Free agency and the hot stove officially began this past Sunday morning, but this is Birdland and it's undoubtedly going to be a few more long weeks before any actual news hit the wire. But what the O's have done is hire some new coaches. Feel the excitement!
Mark Connor, at a brisk 61 years of age, is the new pitching coach of the Orioles, his fifth organization in a 35 year career. This is easily the least surprising of the new coaching staff positions because everywhere Buck Showalter has gone, Mark Connor has gone. His previous stop was in Texas, where Connor remained the pitching coach for nearly two seasons after Buck was fired in 2006. After Connor was himself fired mid-season in 2008, he was rehired to be a minor league consultant, so the man is obviously a respected baseball mind that the Rangers didn’t want to completely let go.
Unfortunately, the people who respect Connor don’t include the folks running Lone Star Ball, our sister Rangers-centric blog on SBN. I asked head blogger Adam Morris for his opinion on Connor, and he didn’t hold his punches: "Mark Connor was hated by the fans. There is a school of thought that he ended up ruining Brandon McCarthy. [Current Rangers pitching coach] Mike Maddux is treated as a miracle worker in no small part because he followed Connor, who set the bar so low".
McCarthy was the very highly touted young centerpiece the Rangers received in exchange for John Danks, who learned a cutter in Chicago and became really quite good. McCarthy meanwhile ran into a series of bad injuries (recurring stress fractures in his shoulder blade and elbow/foreman problems) and disappointing results on the mound. The thinking seems to be that Connor attempted to manipulate McCarthy’s mechanics into what he thought they should be and the alterations ruined the youngster.
But that is just one case-study, and the truth of the matter is, even (or maybe especially) in retrospect, very difficult to know. All we can say with certainty is that Mark Connor’s time in Arlington was marked by a Rangers team that did not pitch well. But it was also a Rangers team that did not seem to have nearly as much potential as the current Orioles team seems to have.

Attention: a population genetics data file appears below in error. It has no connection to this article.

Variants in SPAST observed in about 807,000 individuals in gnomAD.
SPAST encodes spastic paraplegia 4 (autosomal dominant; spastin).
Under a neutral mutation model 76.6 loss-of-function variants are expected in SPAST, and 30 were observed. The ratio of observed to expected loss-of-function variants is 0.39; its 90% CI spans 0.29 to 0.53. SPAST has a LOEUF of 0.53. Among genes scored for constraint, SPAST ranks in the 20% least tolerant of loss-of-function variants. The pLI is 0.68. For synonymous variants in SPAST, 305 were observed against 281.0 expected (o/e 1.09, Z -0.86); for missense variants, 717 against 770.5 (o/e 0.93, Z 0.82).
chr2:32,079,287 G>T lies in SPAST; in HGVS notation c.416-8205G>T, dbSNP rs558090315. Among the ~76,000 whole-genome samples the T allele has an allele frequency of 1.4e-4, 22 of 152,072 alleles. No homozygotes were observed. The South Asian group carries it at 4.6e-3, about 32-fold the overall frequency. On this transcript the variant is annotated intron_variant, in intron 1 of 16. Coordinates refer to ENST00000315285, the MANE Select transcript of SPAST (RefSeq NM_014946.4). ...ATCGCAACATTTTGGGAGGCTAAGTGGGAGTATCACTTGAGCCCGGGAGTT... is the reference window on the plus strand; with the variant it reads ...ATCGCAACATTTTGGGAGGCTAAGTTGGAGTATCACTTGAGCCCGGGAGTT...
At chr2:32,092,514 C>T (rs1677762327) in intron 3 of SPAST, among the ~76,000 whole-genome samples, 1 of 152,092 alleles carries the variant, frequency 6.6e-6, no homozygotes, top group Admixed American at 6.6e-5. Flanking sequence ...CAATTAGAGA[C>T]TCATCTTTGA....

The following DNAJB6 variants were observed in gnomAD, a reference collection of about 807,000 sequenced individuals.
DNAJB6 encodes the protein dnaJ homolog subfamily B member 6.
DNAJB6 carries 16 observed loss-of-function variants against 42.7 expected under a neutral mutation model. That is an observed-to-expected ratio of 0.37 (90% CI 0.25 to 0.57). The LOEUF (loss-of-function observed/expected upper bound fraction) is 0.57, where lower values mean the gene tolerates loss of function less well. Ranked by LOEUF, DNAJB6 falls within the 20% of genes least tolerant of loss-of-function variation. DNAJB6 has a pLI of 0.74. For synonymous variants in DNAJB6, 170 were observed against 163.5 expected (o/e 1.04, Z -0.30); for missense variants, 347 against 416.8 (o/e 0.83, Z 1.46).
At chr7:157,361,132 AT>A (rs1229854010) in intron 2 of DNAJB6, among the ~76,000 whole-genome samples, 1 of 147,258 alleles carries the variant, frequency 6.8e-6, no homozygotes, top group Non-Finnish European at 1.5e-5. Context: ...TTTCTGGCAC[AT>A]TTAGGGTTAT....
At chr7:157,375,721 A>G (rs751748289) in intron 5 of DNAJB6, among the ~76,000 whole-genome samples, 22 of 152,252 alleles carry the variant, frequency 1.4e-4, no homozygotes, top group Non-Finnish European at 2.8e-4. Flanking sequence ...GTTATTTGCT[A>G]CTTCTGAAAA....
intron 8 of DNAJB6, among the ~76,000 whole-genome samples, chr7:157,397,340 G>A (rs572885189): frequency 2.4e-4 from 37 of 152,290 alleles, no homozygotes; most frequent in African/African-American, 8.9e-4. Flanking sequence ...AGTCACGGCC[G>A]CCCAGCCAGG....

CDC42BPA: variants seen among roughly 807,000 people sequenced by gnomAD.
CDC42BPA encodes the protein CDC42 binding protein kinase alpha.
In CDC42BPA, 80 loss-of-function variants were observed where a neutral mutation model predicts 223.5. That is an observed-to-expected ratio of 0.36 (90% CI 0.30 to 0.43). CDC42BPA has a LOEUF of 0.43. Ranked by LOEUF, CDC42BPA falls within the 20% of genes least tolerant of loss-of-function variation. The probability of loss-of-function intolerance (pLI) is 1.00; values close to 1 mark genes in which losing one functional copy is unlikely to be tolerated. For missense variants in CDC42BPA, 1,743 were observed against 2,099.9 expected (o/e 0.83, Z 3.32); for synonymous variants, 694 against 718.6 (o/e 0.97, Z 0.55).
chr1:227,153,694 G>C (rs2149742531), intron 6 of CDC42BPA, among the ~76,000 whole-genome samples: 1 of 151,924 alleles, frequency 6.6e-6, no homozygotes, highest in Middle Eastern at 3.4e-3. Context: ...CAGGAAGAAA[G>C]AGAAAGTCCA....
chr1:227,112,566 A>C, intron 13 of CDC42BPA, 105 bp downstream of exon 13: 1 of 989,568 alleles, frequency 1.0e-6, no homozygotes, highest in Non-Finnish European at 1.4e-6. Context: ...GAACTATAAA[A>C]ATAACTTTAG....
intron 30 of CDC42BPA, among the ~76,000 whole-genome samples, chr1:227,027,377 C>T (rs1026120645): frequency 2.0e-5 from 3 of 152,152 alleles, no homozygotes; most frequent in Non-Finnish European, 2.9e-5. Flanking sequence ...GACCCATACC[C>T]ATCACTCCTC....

In fact, Mark Connor has never been given a pitching staff like the one he will he have in Baltimore, with a bulk of young pitchers and few complimentary veterans. As such, it’s pretty difficult to estimate how his presence will affect the development of Tillman, Matusz, et al. Can Connor turn that potential into realized talent? Well, he’s never definitively done it before, but he’s never definitively failed at it before. What he has done is coach a genuinely good pitching staff (the ’99 Diamondbacks), and that’s something outgoing pitching coach Rick Kranitz has never done.
I’m bothered by the dismissal of Kranitz. He didn’t reside over anything near a respectable pitching staff in Baltimore, but he did seem to have a good relationship with his pitching staff, and he was getting some good results out of the pitching staff taking in account that these were guys making their major league debuts. If you take the expectations into account, you have to be happy with Kranitz’s job, don’t you? He didn’t blow away the baseball world, but he did a solid job ushering in the young crop that we need to be the core of the next great Orioles team.
That is not to doubt Mark Connor's baseball acumen, but in my mind a huge chunk of the coaching job is personality-based. And whenever you replace a guy who is doing a solid job with someone else – even if that someone else is a long-time compatriot of your manager – you run a risk that the new coach simply won’t click with one or more of your players. I’m not sure taking that kind of risk is really worth the potential upside that Mark Connor offers over Rick Kranitz.